Slut shames students

« previous post | next post »

Jen Chung, "CT High School Slut Shames Students Over "Inappropriate" Prom Dresses", Gothamist 5/12/2015:

Female students at a Connecticut High School are furious that dresses bought for this weekend's prom are being banned because they have exposed shoulders, backs, sides and legs. One mother—whose daughter had two dresses rejected—said, "They've suggested the girls wear T-shirts under their dresses. My daughter won't wear a T-shirt. She would be mortified."

For those readers who haven't yet merged "slut shame" into a frequent compound verb, that headline may provoke misunderstanding.

Obligatory screenshot:

[h/t Charles Lieberman]


  1. Ben Zimmer said,

    May 13, 2015 @ 8:42 pm

    A hyphen surely would help. In the Summer 2013 installment of "Among the New Words" for American Speech, we covered slut-shaming (from 2006) and slut-shame (from 2007):

    And see Arnold Zwicky's discussion of slut-shame as a back-formation here.

  2. Eric P Smith said,

    May 13, 2015 @ 9:23 pm

    Freudian slip: I first misread "prom" as "porn".

  3. Jerry Friedman said,

    May 13, 2015 @ 11:56 pm

    Writing compounds hyphenated or solid is becoming a lost art—or I'm suffering from a recency illusion.

  4. Rod Whiteley said,

    May 14, 2015 @ 6:20 am

    A style guide I have to comply with occasionally tells me:

    As an organisation, we’ve taken the decision to avoid hyphens as they tend to clutter writing.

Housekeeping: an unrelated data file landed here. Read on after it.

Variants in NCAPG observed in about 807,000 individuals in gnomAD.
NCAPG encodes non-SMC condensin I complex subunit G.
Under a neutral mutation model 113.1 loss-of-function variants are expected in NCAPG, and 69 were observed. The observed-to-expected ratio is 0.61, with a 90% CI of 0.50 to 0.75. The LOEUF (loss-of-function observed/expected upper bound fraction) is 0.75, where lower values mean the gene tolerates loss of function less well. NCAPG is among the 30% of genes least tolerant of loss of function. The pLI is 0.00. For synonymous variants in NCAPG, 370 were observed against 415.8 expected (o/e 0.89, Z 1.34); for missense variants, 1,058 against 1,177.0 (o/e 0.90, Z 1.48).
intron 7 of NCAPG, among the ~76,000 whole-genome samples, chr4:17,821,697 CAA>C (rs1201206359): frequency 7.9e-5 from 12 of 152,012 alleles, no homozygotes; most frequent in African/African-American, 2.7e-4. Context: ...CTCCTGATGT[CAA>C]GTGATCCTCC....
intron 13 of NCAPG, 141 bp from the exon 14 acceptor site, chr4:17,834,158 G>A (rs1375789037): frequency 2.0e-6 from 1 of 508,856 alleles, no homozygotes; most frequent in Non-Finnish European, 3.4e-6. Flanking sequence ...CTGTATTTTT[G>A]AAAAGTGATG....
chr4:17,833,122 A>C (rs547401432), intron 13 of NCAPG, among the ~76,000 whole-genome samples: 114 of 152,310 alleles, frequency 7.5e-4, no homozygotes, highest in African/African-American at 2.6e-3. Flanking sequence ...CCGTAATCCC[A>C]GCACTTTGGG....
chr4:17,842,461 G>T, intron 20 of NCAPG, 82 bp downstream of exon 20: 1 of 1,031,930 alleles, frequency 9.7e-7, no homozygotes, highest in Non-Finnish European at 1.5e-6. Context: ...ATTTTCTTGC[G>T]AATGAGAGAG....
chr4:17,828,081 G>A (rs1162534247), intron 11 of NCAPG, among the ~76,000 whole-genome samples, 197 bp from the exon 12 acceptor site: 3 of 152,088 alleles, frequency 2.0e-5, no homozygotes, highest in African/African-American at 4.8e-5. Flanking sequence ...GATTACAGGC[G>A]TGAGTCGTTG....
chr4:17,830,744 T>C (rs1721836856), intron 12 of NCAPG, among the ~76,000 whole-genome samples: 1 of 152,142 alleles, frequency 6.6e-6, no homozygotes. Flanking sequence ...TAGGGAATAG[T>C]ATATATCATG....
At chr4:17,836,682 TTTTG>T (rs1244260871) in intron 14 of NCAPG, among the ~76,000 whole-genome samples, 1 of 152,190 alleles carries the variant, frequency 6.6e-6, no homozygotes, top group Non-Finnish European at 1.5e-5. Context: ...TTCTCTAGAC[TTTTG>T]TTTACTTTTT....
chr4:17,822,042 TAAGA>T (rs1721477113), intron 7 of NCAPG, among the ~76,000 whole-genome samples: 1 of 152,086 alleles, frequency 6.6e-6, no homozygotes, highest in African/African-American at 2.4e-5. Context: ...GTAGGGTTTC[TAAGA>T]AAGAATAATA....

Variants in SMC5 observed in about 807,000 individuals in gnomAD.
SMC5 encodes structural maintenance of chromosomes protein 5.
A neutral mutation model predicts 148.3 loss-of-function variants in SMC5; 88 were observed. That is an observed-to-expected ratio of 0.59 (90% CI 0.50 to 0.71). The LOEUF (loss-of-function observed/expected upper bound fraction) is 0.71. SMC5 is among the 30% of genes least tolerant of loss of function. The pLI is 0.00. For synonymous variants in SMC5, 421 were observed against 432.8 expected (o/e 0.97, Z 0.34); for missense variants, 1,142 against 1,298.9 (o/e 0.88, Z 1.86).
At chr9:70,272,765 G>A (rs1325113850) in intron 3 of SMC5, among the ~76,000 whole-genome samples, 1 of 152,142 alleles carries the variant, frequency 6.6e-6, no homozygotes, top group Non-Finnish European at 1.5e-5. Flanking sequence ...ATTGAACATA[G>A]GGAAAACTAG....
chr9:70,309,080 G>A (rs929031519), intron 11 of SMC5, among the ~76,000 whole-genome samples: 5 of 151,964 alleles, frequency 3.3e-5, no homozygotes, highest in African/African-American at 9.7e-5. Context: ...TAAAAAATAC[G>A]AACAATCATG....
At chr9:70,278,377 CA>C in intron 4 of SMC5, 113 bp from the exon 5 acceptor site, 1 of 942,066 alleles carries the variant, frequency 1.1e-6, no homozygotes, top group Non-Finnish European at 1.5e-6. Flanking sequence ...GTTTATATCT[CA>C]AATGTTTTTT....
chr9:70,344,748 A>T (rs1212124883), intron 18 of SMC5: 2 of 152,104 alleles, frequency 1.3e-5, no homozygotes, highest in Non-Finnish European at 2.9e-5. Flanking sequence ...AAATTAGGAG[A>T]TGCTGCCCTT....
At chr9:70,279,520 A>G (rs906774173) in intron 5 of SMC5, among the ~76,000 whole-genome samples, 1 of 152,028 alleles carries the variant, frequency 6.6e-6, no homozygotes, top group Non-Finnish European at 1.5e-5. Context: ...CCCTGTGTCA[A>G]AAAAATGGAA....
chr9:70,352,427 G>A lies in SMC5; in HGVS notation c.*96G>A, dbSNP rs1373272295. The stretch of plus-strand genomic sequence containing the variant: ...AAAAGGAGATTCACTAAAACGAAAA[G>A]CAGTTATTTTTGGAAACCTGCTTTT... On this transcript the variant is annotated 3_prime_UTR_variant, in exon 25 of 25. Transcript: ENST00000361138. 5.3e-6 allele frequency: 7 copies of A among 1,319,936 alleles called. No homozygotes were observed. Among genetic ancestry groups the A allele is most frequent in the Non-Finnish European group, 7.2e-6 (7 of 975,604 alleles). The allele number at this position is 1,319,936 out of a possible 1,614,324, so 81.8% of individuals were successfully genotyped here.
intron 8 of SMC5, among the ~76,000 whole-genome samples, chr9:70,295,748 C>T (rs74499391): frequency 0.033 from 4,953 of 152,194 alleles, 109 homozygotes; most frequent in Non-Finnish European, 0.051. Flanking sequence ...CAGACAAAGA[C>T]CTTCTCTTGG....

The examples it gives are "long term", "break up" and "wellbeing" with no explanation of the inconsistency. My impression, generally, is that solid compoundwords are becoming increasinglycommon.

  5. Sebastian Iragui said,

    May 15, 2015 @ 4:07 am

    Not to blame technology for everything, but I wonder if this isn't one instance where it's driving language change. Hyphenation is actively discouraged by the absence of hyphens from the touch keypads on our devices. Switching back and forth between the alphabet menu and the symbols menu often seems more effort than it's worth. (You might expect the same of apostrophes, but smartphone dictionaries seem to automatically supply them more reliably than hyphenated compounds.)

  6. F said,

    May 15, 2015 @ 6:42 am

    Sebastian Iragui says "Hyphenation is actively discouraged by the absence of hyphens from the touch keypads on our devices."

    That might depend on the device. My Samsung Android has the hyphen on shift-1. This is admittedly one more keypress than on my laptop keyboard (where it's unshifted) but not exactly a problem.

  7. Bean said,

    May 19, 2015 @ 6:40 am

    I agree that smartphones, etc., do make you work a little harder for hyphens.

    The second problem is the pressure for very fast turnaround times in the era of 24-7 news. I see obvious autocorrect problems all the time on news sites when a story first appears (e.g., on – not the aggregation sites – the originators), which disappear on subsequent readings – do they write their first drafts on iPads, standing right next to the burning building? I also find that the story with the same headline can actually morph quite a bit over the course of the day, then at some point they change the headline too. If you're in the habit of clicking over to the news frequently (and, ahem, Language Log) when your brain is stalled you've probably noticed this too.

RSS feed for comments on this post